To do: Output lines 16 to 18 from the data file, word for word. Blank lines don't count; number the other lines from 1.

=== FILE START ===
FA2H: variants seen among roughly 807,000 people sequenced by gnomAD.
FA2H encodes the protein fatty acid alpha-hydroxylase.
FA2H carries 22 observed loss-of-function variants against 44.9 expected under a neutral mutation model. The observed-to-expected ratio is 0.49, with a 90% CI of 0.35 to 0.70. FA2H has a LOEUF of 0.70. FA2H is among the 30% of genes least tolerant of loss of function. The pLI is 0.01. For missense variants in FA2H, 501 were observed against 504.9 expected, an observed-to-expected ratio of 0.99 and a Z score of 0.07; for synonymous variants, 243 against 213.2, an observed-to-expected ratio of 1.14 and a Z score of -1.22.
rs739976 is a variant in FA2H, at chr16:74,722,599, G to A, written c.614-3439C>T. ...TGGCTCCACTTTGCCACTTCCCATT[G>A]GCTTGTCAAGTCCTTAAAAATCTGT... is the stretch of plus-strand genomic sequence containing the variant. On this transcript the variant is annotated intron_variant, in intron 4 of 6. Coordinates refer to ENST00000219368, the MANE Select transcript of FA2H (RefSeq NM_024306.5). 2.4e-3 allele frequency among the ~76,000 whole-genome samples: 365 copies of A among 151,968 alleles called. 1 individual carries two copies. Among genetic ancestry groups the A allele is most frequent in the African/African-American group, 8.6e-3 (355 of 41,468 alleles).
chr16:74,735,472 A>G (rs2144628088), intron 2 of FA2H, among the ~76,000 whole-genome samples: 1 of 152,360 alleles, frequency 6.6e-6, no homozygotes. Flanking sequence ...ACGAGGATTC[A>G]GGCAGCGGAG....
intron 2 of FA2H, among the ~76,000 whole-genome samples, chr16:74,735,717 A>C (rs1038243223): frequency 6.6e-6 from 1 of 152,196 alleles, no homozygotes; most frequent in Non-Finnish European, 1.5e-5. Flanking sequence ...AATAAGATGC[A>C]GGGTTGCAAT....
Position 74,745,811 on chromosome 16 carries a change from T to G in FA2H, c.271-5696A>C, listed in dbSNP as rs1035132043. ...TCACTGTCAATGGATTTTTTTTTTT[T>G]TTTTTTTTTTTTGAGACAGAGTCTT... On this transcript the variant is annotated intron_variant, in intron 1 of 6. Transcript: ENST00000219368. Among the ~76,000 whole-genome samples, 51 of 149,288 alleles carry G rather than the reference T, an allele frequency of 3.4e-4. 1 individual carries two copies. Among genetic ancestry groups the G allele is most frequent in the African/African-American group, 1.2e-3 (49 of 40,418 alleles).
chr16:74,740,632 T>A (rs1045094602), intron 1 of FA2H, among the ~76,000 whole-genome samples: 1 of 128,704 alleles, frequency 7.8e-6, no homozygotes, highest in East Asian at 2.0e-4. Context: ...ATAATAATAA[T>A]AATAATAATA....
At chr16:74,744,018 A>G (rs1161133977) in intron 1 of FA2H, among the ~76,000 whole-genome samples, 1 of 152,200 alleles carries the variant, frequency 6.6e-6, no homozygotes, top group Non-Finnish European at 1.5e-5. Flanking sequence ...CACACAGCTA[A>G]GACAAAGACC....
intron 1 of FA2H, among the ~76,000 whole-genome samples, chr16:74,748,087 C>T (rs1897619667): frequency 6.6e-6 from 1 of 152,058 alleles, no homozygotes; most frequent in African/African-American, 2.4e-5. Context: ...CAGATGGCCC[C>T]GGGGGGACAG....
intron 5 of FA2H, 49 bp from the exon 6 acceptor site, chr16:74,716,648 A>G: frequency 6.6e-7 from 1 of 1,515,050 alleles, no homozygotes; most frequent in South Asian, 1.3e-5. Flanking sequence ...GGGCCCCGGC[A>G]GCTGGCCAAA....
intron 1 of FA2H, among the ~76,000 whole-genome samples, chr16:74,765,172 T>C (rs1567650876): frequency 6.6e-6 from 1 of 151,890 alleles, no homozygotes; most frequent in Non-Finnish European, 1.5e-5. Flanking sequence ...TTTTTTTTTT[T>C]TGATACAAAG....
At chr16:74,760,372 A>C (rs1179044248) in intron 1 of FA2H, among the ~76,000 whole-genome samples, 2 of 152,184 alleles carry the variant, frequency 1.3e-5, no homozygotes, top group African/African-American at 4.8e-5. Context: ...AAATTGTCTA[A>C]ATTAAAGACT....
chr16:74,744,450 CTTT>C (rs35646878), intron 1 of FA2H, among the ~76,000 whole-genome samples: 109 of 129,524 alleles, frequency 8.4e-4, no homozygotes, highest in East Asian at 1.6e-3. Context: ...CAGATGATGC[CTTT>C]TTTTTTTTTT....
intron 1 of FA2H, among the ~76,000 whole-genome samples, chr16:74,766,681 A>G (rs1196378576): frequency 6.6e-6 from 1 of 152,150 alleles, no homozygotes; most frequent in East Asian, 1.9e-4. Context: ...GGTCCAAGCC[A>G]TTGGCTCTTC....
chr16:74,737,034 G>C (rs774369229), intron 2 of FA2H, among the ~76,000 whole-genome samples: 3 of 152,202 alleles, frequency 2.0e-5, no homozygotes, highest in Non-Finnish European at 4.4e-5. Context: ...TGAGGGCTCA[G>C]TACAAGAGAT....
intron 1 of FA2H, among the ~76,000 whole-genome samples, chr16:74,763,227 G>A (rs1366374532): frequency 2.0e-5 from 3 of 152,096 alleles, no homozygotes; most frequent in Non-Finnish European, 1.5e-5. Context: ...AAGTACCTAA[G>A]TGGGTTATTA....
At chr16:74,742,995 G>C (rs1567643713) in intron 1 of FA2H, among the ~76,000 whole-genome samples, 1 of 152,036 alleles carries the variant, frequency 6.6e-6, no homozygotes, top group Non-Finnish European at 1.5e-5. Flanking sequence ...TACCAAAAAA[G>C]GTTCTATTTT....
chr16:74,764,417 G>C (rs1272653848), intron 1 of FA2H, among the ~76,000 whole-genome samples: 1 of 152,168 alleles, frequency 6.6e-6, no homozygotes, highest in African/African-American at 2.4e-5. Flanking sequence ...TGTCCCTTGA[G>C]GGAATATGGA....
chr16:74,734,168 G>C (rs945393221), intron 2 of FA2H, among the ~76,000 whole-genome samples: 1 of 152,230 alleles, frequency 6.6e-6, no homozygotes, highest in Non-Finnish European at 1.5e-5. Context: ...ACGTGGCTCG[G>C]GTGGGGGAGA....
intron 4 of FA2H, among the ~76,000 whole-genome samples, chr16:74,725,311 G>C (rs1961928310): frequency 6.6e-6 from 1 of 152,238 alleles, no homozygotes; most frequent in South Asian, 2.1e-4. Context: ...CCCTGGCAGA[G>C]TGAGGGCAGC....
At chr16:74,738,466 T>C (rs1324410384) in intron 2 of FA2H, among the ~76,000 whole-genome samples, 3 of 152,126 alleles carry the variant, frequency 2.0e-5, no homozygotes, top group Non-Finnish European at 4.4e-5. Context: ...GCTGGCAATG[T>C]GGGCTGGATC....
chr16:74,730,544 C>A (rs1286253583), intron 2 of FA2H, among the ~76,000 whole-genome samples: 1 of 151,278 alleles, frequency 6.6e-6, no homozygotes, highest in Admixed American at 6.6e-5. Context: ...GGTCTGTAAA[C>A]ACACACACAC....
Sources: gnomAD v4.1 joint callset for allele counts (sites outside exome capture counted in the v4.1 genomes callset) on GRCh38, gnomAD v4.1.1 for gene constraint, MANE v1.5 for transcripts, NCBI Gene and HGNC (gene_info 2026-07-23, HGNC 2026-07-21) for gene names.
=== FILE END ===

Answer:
chr16:74,737,034 G>C (rs774369229), intron 2 of FA2H, among the ~76,000 whole-genome samples: 3 of 152,202 alleles, frequency 2.0e-5, no homozygotes, highest in Non-Finnish European at 4.4e-5. Context: ...TGAGGGCTCA[G>C]TACAAGAGAT....
intron 1 of FA2H, among the ~76,000 whole-genome samples, chr16:74,763,227 G>A (rs1366374532): frequency 2.0e-5 from 3 of 152,096 alleles, no homozygotes; most frequent in Non-Finnish European, 1.5e-5. Context: ...AAGTACCTAA[G>A]TGGGTTATTA....
At chr16:74,742,995 G>C (rs1567643713) in intron 1 of FA2H, among the ~76,000 whole-genome samples, 1 of 152,036 alleles carries the variant, frequency 6.6e-6, no homozygotes, top group Non-Finnish European at 1.5e-5. Flanking sequence ...TACCAAAAAA[G>C]GTTCTATTTT....